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Energy Conference Focuses on Profitable Energy Independence

Submitted by on October 10, 2017 – 7:55 pmNo Comment

(Huggins Consulting Group LLC/Ethanol Producer Magazine)  Competitive landscape, innovative technologies and emerging energy policy were hot topics as a diverse group of nearly 150 thought leaders, industry representatives, researchers and suppliers convened in the heart of renewable energy production for the third annual Energy Conference in Des Moines, Iowa, September 11-13.

The diverse and powerful line up did not disappoint. The program sessions featured spirited and productive exchanges with different perspectives challenged but also with common ground identified.

Fuels Policy Filled with Questions

Fuel policy was addressed significantly during the two days of educational sessions. When looking at the political landscape, need for a long-term energy policy was a common thread among presenters.

“We don’t all agree on everything, but one thing we do agree on is the uncertainty,” said Donnell Rehagen, CEO of the National Biodiesel Board. ”That is the biggest challenge we have to growth.”

“Clearly, based on the numbers, [the RFS] worked great for the first generation,” said Michael McAdams, president of the Advanced Biofuels Association. “We now produce over 2 billion gallons of biodiesel and ethanol producers exported over a billion gallons on top of what we sold in the U.S. last year. That’s a great accomplishment for America.

“Yet, we have less than 300 million gallons of cellulosic ethanol,” he continued. “There is something wrong systemically with the program. It doesn’t give the banks the confidence to invest.”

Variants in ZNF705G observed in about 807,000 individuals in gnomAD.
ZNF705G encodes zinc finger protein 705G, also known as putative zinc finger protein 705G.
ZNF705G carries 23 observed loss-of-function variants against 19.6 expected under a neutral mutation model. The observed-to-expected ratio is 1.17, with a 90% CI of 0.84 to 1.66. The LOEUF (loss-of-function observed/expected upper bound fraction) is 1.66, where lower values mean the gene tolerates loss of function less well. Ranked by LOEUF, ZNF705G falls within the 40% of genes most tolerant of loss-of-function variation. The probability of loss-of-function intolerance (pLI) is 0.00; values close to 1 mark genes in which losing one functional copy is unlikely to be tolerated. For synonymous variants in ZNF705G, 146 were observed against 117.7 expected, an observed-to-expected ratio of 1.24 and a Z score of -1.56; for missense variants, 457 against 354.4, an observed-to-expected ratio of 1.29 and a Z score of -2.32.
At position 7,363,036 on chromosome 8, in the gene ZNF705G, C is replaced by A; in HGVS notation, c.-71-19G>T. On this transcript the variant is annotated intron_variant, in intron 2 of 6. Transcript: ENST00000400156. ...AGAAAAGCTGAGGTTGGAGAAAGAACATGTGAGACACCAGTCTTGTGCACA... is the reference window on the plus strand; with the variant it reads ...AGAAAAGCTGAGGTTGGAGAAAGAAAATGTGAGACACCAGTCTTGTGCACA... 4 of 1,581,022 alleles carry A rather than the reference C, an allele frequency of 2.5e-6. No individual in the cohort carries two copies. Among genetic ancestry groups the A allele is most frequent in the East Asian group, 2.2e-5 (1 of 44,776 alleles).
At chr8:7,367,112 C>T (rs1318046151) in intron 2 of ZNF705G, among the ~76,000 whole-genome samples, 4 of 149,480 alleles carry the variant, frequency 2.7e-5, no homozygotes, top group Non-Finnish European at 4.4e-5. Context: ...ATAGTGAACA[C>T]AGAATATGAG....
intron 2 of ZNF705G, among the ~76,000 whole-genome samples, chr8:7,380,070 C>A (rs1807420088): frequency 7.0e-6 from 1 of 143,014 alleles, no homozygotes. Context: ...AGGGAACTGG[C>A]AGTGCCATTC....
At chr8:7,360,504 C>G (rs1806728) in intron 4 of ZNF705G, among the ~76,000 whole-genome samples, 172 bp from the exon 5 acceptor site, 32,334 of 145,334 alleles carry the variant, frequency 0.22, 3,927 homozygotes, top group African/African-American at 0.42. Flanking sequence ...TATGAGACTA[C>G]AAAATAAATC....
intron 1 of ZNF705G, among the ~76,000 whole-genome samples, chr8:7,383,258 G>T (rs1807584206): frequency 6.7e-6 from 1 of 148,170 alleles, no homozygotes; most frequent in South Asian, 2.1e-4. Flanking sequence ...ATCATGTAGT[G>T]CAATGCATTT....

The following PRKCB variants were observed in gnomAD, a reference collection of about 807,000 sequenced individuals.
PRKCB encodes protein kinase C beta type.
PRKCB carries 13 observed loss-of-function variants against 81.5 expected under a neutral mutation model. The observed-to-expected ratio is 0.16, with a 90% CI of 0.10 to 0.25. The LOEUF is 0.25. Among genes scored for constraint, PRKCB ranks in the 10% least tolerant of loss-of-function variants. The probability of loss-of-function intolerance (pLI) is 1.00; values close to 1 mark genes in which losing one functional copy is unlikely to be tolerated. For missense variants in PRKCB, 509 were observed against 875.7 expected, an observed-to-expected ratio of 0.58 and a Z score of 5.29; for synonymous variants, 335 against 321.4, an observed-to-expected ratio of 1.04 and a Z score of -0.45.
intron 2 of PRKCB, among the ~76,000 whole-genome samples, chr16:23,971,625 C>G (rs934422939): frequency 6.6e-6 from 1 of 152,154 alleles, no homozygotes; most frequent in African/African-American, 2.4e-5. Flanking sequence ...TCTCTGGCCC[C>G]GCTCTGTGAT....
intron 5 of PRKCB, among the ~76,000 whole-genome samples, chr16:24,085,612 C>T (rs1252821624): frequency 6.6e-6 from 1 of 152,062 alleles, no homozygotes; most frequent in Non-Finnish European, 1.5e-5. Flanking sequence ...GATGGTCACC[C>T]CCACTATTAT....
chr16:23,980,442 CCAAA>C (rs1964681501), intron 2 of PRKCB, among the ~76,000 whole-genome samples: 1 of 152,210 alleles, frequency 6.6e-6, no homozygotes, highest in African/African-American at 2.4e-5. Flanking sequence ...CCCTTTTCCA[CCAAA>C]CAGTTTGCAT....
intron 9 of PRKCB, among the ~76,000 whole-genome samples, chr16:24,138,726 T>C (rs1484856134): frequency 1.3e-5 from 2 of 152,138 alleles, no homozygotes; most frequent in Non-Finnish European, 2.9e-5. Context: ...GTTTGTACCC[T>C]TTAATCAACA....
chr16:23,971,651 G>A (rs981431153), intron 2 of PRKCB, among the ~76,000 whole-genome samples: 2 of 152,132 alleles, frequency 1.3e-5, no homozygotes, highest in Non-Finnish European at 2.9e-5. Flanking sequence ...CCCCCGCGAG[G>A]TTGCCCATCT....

In addition to long-term structure, industry leaders in general also look to adopt a reasonable renewable fuel volume obligation (RVO). Production levels remain essentially flat, while the industry leaders say they have the capability to generate more product.

Competition at the micro level remains between ethanol and biodiesel, with a battle to see which renewable fuel takes the lead in market share and growth. Additionally, there also is the ongoing rivalry between petroleum and biofuels, with mandates for renewable fuels at the forefront of contention. Yet, an emerging idea is the need for the industry to take a more high-level, macro approach to competition.

According to Dr. Brian Conroy, with BConroy Consulting and the Texas A&M Energy Institute, the competition equation is shifting to liquid fuels versus electrification.

“The power sector is making more progress on carbon emissions than the transportation sector,” explains Conroy. “If the pressure for managing carbon continues to grow, I don’t think the next generation of biofuel development offers the solution and the electrification of transportation becomes much more viable.”

Alternatively, Conroy suggests, there is potential for the ‘virtual electrification’ of transportation, where policy shifts to a broad carbon credit encompassing the entire energy economy and transportation buys carbon credits from the electrical industry in order to meet its obligation in emissions reduction.

“In this scenario,” he adds, “the petroleum side and the biofuels side are in the exact same position, both rooting for liquid fuels.”

Siting the slow emergence of hybrid and electric cars, Eichberger  (Fuels Institute Executive Director John Eichberger) offered a few observations regarding transformation in the marketplace: consumers need to be educated; retailers need demand to drive investment; and the auto industry needs fuel availability to deliver vehicles—fuel resources must precede production. In addition, building on the theme of the conference, he concluded cross-industry collaboration is critical to new product success.  READ MORE

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